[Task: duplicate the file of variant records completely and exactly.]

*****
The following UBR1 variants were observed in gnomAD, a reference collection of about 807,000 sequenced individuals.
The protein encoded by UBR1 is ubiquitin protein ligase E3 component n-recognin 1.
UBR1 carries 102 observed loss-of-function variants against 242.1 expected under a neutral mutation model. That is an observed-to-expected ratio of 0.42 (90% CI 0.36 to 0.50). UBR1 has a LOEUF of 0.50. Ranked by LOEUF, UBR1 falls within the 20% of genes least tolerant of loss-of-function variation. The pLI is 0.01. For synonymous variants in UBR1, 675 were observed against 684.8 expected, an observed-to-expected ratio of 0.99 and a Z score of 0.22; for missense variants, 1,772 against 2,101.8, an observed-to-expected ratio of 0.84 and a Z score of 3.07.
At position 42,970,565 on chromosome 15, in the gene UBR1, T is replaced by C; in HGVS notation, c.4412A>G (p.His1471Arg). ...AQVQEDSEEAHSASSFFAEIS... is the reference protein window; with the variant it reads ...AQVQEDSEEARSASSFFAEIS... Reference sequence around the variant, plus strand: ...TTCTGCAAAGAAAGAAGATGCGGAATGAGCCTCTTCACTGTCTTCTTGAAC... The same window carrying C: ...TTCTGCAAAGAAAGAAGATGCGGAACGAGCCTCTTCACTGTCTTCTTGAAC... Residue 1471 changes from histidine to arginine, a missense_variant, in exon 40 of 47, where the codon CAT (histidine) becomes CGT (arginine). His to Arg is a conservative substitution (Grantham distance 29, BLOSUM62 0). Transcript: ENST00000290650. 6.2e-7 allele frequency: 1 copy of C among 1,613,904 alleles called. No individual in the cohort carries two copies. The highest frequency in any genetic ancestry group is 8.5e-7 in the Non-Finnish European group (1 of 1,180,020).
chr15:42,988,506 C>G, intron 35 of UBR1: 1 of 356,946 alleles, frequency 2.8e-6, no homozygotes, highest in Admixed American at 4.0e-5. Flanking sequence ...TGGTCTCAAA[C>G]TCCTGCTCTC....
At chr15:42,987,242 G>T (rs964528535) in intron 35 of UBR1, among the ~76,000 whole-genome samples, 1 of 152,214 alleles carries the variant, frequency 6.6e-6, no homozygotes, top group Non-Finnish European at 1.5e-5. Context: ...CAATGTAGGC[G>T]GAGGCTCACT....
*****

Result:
The following UBR1 variants were observed in gnomAD, a reference collection of about 807,000 sequenced individuals.
The protein encoded by UBR1 is ubiquitin protein ligase E3 component n-recognin 1.
UBR1 carries 102 observed loss-of-function variants against 242.1 expected under a neutral mutation model. That is an observed-to-expected ratio of 0.42 (90% CI 0.36 to 0.50). UBR1 has a LOEUF of 0.50. Ranked by LOEUF, UBR1 falls within the 20% of genes least tolerant of loss-of-function variation. The pLI is 0.01. For synonymous variants in UBR1, 675 were observed against 684.8 expected, an observed-to-expected ratio of 0.99 and a Z score of 0.22; for missense variants, 1,772 against 2,101.8, an observed-to-expected ratio of 0.84 and a Z score of 3.07.
At position 42,970,565 on chromosome 15, in the gene UBR1, T is replaced by C; in HGVS notation, c.4412A>G (p.His1471Arg). ...AQVQEDSEEAHSASSFFAEIS... is the reference protein window; with the variant it reads ...AQVQEDSEEARSASSFFAEIS... Reference sequence around the variant, plus strand: ...TTCTGCAAAGAAAGAAGATGCGGAATGAGCCTCTTCACTGTCTTCTTGAAC... The same window carrying C: ...TTCTGCAAAGAAAGAAGATGCGGAACGAGCCTCTTCACTGTCTTCTTGAAC... Residue 1471 changes from histidine to arginine, a missense_variant, in exon 40 of 47, where the codon CAT (histidine) becomes CGT (arginine). His to Arg is a conservative substitution (Grantham distance 29, BLOSUM62 0). Transcript: ENST00000290650. 6.2e-7 allele frequency: 1 copy of C among 1,613,904 alleles called. No individual in the cohort carries two copies. The highest frequency in any genetic ancestry group is 8.5e-7 in the Non-Finnish European group (1 of 1,180,020).
chr15:42,988,506 C>G, intron 35 of UBR1: 1 of 356,946 alleles, frequency 2.8e-6, no homozygotes, highest in Admixed American at 4.0e-5. Flanking sequence ...TGGTCTCAAA[C>G]TCCTGCTCTC....
At chr15:42,987,242 G>T (rs964528535) in intron 35 of UBR1, among the ~76,000 whole-genome samples, 1 of 152,214 alleles carries the variant, frequency 6.6e-6, no homozygotes, top group Non-Finnish European at 1.5e-5. Context: ...CAATGTAGGC[G>T]GAGGCTCACT....